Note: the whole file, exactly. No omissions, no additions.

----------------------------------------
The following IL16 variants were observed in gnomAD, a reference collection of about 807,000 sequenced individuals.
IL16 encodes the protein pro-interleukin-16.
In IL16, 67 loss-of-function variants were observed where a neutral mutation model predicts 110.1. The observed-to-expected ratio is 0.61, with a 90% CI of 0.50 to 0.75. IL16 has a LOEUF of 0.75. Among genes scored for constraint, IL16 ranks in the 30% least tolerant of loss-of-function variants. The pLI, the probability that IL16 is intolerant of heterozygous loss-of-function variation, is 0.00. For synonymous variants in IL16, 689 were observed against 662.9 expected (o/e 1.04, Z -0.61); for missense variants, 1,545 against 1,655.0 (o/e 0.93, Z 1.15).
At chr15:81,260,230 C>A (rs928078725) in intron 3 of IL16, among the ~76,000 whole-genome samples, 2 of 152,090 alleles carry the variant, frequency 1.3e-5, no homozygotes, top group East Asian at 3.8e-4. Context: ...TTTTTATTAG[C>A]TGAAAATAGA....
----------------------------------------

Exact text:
The following IL16 variants were observed in gnomAD, a reference collection of about 807,000 sequenced individuals.
IL16 encodes the protein pro-interleukin-16.
In IL16, 67 loss-of-function variants were observed where a neutral mutation model predicts 110.1. The observed-to-expected ratio is 0.61, with a 90% CI of 0.50 to 0.75. IL16 has a LOEUF of 0.75. Among genes scored for constraint, IL16 ranks in the 30% least tolerant of loss-of-function variants. The pLI, the probability that IL16 is intolerant of heterozygous loss-of-function variation, is 0.00. For synonymous variants in IL16, 689 were observed against 662.9 expected (o/e 1.04, Z -0.61); for missense variants, 1,545 against 1,655.0 (o/e 0.93, Z 1.15).
At chr15:81,260,230 C>A (rs928078725) in intron 3 of IL16, among the ~76,000 whole-genome samples, 2 of 152,090 alleles carry the variant, frequency 1.3e-5, no homozygotes, top group East Asian at 3.8e-4. Context: ...TTTTTATTAG[C>A]TGAAAATAGA....